Others don’t believe he is who he says: “One Sunday morning I was at Roscoe’s Chicken and Waffles. These church ladies were sitting in the booth next to mine. They were talking about this Bill Withers song they sang in church that morning. I got up on my elbow, leaned into their booth and said, ‘Ladies, it’s odd you should mention that because I’m Bill Withers.’ This lady said, ‘You ain’t no Bill Withers. You’re too light-skinned to be Bill Withers!’ ”
—Andy Greene, profiling Bill Withers for Rolling Stone.
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Photo: Willy Somma
Jessica Gross | Longreads | April 2015 | 19 minutes (4,797 words)
In 2011, Kate Bolick charted the sea change in our cultural attitudes toward marriage in her Atlantic piece, “All the Single Ladies.” Interweaving personal experience—she was 39 and single at the time—with reporting, Bolick posited that we are marrying later or not at all, with many women exercising their ability to have children without partners or, again, not at all.
The piece generated a huge response. In Bolick’s new book, Spinster: Making a Life of One’s Own, she approaches single adulthood from a slightly different angle. The book is part memoir: Bolick describes breaking away from a serious, cohabitating relationship in her late twenties, exploring her ambivalence about partnership, and wholly reconsidering her view of marriage. Along the way, she presents the stories of her five “awakeners,” the historical single women who shaped her thinking. These were the essayist Maeve Brennan, the poet Edna St. Vincent Millay, the columnist Neith Boyce, the novelist Edith Wharton, and the writer and activist Charlotte Perkins Gilman. By considering these women’s biographies and cultural contexts, Bolick began to better understand her own.
I’ve been single for most of my twenties—I’m almost thirty now—and I’ve tended to think of it as some kind of flaw. Reading Spinster, I not only saw clearly this underlying belief, which wasn’t totally conscious, but also realized that being single was actually a choice I had made. Does that ring true to you as the heart of what this book is about?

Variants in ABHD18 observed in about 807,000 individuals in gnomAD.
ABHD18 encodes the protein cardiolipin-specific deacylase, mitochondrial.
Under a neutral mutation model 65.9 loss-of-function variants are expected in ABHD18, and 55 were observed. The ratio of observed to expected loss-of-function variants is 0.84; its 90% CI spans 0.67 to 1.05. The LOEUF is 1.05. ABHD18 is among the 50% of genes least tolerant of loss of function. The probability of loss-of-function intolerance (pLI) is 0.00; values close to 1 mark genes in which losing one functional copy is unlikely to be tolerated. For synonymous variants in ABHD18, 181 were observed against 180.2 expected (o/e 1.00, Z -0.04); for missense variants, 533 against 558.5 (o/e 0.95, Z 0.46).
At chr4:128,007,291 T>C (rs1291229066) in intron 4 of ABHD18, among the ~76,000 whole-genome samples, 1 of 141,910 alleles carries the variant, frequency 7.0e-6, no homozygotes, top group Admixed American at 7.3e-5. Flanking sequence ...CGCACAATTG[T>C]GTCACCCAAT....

Yes, without a doubt. The book started for me when I was in my late twenties and living with my boyfriend and we moved from Boston to New York so that I could go to graduate school. I started wondering, what does a life look like if you’re not married? I was really struck to realize that there were no positive depictions of single women in popular culture. At that moment in time, in 2000, it was either Carrie Bradshaw or Bridget Jones. You were either frivolous and fabulous or desperate. And either way, you were definitely trying to get yourself coupled. Sex and the City was in a way celebrating singlehood, but it was also singlehood as long as it’s a way station to something else. And so it began that way, with becoming interested in at least learning more about a different way of being that I wasn’t seeing reflected around me anywhere. Yet I knew that culture had given us positive examples in the past, particularly during the second wave of the women’s movement. So where did that go?
It was during that sort of amorphous period of wondering that I came across Neith Boyce, who felt like a profound discovery: I hadn’t even known people were talking about this in the late 1800s. The clarity of her voice at a time that I thought of as being so repressive for women made me see how much we’re shaped by the time in which we live and the assumptions that we grow up with.
So that’s a long way of saying yes, but it was more this kind of internal questioning, and then smacking up against this external example from history. Read more…
Mark Attanasio: The day started at 5, not 5:01. …You got in between 4:30 and 5 and got yourself situated. … Often clients would show up early to man up and show Mike, “Hey, I’m here, too.”
G. Chris Andersen: We financed Ted Turner. We financed John Malone.
Mark Attanasio: Within a year I was in front of guys like Ron Perelman and Steve Ross at Warner Brothers.
Lorraine Spurge: And then, at some point, we met a gentleman named Steve Wynn.
Ken Moelis: Steve came to me in 1986. And he says, “Look, I got this idea. We’re going to build this casino for $800 million, and it’s going to have a volcano that goes off every 15 minutes.”
—from “Renegades of Junk: The Rise and Fall of the Drexel Empire”, an oral history by Bloomberg News reporters Max Abelson, Jason Kelly, and David Carey. Interviews trace the trajectory of former investment bank Drexel Burnham Lambert, where Michael Milken helped popularize junk bonds before the firm filed for bankruptcy 25 years ago.
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In Khmer language, the verb “to eat,” yam bai, literally translates as “eat rice.” Klean bai, which is how you say you are hungry, literally translates as “hunger for rice.” Rice is the staple accompaniment of every meal in Cambodia, and a driving force behind the economy. The grain is an accompaniment to a variety of meats—mostly fish from the abundant Tonlé Sap and Mekong Rivers—usually spiced with some combination of lemongrass, soy, and ginger. Popular dishes like amok (fish curry) and salam machu (sweet-and-sour fish soup) employ simply prepared ingredients and bright, fresh flavors to produce some of the most delicious, healthy—yet relatively unknown—peasant food the world over.
—Richard Parks, writing in the Summer 2012 issue of Lucky Peach about “Khmerican food”—the fused cuisines of America and Cambodia. His piece finds an unlikely subject as its driving force: doughnuts, specifically Cambodian-owned California doughnut shops. A recent count found that 90 percent of all independent doughnut shops in California are owned by Cambodians.